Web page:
2. 10% of the interest rate risk requirement for the block, if interest rate risk can be passed through to policyholders by making adjustments to the dividend scale

    1. 30% of all other risk components that can be passed through to policyholders by making adjustments to the dividend scale.

For a block that has assets and liabilities for which interest rate risk is passed through to policyholders, and other assets and liabilities for which interest rate risk is not passed through to policyholders, the combined amount for i) and ii) above that should be used for the interest rate risk requirement in calculating Ki floor is:

100% x IRRi par npt + 10% x max( IRRi par - IRRi par npt'0)

where IRRi par npt is as defined in section 5.1.2.3.

Example: Par Credit

Suppose that a participating block of business has the following risk components:

Life insurance risk Gross component (IRi) Level and trend components (LTi) IRi − 0.5 × LTi
Mortality750,000300,000600,000
Longevity000
Morbidity incidence000
Morbidity termination000
Lapse sensitive500,000200,000400,000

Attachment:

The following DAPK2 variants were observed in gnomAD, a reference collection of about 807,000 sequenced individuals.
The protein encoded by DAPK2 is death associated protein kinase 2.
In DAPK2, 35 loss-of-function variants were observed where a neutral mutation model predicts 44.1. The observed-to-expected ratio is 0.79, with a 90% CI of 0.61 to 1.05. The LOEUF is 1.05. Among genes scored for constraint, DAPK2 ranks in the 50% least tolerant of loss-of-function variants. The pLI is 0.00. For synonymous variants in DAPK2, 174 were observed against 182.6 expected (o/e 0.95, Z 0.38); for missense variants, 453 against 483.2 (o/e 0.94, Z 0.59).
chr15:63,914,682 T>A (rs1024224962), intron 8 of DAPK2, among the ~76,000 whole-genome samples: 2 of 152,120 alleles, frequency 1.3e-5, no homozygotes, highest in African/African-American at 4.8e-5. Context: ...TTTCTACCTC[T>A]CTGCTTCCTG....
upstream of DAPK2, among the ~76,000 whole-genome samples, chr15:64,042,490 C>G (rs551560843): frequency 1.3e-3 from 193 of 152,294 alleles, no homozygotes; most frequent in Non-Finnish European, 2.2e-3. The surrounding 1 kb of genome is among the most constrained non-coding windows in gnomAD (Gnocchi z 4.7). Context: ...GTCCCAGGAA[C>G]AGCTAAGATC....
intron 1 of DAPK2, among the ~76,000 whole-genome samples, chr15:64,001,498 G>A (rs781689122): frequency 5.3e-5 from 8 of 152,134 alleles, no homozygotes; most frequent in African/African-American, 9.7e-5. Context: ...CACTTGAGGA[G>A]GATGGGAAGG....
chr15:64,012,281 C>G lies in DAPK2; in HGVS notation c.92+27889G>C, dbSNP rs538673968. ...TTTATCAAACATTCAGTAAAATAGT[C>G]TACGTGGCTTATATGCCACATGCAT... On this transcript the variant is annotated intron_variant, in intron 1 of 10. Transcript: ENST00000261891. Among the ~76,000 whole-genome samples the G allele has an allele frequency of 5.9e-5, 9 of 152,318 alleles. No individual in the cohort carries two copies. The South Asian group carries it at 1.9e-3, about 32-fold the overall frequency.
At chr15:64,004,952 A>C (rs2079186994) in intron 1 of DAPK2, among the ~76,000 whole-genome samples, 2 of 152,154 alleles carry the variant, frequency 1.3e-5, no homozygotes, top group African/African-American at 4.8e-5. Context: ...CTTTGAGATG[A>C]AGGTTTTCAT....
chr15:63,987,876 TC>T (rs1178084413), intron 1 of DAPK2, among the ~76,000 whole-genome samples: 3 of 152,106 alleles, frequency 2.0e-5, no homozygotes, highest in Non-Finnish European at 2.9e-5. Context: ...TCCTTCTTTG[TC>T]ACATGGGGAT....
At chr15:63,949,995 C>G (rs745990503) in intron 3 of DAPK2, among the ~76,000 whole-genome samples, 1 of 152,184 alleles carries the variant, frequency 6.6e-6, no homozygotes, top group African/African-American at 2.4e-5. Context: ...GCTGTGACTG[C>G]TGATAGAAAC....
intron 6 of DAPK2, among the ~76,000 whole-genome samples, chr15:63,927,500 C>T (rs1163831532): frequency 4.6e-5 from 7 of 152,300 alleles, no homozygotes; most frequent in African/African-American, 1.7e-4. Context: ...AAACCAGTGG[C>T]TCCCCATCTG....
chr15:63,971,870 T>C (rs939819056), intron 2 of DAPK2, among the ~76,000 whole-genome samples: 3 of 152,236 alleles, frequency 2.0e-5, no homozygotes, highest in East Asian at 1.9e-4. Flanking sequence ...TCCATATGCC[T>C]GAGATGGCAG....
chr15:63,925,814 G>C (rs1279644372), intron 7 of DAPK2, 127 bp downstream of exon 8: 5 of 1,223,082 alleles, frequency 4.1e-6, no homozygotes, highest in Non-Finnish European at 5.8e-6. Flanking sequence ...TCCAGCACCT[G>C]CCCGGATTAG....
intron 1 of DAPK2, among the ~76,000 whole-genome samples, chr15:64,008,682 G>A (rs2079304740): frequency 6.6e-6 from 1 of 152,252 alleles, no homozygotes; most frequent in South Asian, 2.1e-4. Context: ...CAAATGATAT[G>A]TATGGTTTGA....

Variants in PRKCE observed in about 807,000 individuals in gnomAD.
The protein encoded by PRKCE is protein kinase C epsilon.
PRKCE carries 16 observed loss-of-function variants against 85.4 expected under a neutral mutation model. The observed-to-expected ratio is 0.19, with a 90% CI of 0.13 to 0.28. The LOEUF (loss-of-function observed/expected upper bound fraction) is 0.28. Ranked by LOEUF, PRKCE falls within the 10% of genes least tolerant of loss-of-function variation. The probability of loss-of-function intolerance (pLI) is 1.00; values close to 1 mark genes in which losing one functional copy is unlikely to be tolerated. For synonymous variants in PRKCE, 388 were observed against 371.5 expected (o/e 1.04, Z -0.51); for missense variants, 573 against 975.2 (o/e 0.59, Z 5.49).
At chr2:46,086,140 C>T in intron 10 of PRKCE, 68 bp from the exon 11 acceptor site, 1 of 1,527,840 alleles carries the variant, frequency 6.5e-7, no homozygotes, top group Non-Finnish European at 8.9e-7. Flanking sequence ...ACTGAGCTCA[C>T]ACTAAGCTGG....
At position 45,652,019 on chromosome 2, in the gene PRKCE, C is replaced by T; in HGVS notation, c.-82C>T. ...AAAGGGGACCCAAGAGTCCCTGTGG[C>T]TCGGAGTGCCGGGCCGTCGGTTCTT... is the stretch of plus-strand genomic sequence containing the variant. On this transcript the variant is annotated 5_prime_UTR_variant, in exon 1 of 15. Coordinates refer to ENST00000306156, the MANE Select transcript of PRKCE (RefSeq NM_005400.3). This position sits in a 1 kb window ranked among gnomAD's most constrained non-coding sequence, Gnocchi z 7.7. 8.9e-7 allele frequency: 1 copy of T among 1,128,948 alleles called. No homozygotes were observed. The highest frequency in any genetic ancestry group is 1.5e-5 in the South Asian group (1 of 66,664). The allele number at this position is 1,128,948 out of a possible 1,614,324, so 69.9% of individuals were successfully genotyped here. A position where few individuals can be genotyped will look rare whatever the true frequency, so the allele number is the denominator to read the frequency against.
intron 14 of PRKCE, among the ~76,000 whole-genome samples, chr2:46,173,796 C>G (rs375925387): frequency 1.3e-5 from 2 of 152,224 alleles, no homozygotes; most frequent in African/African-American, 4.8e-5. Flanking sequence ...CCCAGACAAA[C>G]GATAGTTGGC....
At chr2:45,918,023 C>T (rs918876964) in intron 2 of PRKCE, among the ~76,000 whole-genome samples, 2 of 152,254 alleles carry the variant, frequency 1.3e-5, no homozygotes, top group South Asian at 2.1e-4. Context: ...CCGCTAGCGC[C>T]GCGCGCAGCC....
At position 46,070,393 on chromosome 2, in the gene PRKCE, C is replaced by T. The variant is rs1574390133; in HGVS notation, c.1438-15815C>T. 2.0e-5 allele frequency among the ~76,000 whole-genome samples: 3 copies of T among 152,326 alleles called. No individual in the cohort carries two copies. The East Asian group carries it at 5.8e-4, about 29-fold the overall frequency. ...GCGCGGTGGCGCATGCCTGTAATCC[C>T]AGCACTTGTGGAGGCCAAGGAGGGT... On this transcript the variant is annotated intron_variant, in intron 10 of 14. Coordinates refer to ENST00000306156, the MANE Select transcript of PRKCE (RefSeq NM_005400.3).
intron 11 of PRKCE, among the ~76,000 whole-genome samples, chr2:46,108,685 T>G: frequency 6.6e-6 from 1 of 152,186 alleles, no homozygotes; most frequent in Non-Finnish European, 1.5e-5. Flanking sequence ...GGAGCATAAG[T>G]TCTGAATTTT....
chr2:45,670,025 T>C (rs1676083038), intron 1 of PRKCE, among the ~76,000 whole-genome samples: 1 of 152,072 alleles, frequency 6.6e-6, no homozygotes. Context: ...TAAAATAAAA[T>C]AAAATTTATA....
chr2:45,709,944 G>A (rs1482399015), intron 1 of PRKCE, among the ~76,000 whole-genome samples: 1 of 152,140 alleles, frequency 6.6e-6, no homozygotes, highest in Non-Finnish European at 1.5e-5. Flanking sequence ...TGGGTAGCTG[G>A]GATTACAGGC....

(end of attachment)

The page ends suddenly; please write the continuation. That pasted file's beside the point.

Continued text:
Lapse supported000
Expense50,000050,000
Totals1,300,000500,000
Other risks Component
Credit risk300,000
Interest rate risk (IRR)400,000
Other market risks250,000
Property and casualty risk0

Suppose further that the present value of restated dividends for the block under the initial scenario is 800,000, and that this present value moves to 1,200,000 under the adverse scenario that determines the requirement for interest rate risk. The quantity Cinitial for the block is therefore (75% x 800,000 =) 600,000, and Cadverse is (75% x 1,200,000 =) 900,000. Finally, suppose that all risks associated with the block except mortality risk are passed through to policyholders through dividend adjustments.